More than half of Israelis are concerned about not being able to provide for their families in the future, said a survey published by the Sderot Conference for Social and Economic Policy, Thursday.
The Sderot Conference and Sapir College's fifth annual social resilience survey was conducted by the Maagar Mohot institute. Social resilience is measured by the public's sense of belonging, financial ability, access to social rights such as public housing, a sense of job security and faith in public and governmental systems.
The poll's results, reported the Sderot Conference, were slightly alarming: Israel,
said most of those polled, still denies its citizens access to basic social needs, but the public's faith in the State's school and health systems seem to be on the rise.
Some 54% of the poll's participants said they were concerned about being able to support their families in the future, and 47% were afraid they would not be able to save any money for their old age.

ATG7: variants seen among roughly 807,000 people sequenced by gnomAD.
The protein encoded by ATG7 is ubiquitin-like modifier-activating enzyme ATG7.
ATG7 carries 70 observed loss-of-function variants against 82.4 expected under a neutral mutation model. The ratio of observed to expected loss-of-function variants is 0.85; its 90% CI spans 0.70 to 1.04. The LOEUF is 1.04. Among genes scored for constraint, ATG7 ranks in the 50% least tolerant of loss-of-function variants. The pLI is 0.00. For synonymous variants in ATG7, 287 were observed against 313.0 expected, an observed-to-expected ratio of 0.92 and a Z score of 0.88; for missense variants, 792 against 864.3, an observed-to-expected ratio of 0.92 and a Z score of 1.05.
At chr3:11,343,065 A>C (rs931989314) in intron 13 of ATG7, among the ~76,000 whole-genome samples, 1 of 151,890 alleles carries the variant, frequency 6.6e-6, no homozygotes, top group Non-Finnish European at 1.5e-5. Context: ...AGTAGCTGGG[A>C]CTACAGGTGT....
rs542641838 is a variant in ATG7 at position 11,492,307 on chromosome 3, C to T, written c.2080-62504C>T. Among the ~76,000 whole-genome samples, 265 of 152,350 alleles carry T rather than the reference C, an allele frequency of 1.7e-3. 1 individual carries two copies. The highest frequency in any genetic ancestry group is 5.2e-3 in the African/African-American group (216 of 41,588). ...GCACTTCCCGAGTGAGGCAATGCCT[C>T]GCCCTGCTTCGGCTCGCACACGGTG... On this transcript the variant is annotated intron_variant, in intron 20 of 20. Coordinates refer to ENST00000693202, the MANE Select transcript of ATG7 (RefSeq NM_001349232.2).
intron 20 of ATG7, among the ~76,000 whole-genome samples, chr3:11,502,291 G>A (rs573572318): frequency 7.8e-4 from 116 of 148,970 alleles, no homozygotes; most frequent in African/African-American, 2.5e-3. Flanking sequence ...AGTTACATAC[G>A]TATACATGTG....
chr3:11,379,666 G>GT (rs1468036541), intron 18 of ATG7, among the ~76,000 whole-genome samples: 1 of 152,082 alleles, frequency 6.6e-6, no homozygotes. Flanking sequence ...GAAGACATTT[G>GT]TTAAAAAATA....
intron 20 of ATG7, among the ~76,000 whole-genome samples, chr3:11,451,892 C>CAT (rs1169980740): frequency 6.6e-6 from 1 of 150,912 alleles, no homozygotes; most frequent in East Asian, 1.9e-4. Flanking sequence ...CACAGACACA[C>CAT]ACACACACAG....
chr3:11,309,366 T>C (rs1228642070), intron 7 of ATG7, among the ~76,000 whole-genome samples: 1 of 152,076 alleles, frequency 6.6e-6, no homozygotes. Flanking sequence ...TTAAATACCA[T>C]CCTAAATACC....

The majority of those polled – 71% - believed Israel does not provide, or only partially provides its citizens with suitable public housing, and 62% said the State does not allow its elderly population a dignified way of living in their old age.
When asked about their view of public corruption, 73% said it was the main reason they were ashamed of the State. An additional 77% were concerned about the growing gaps between the social echelons, 75% were concerned about the ongoing conflict with the Palestinians and 73% about the increasing violence.
Israelis, however, are still very proud of the IDF and the other defense forces: Forty-four percent of Israelis said they believed the country will always defend its citizens, while only 23% said they had little or no faith in the defense forces.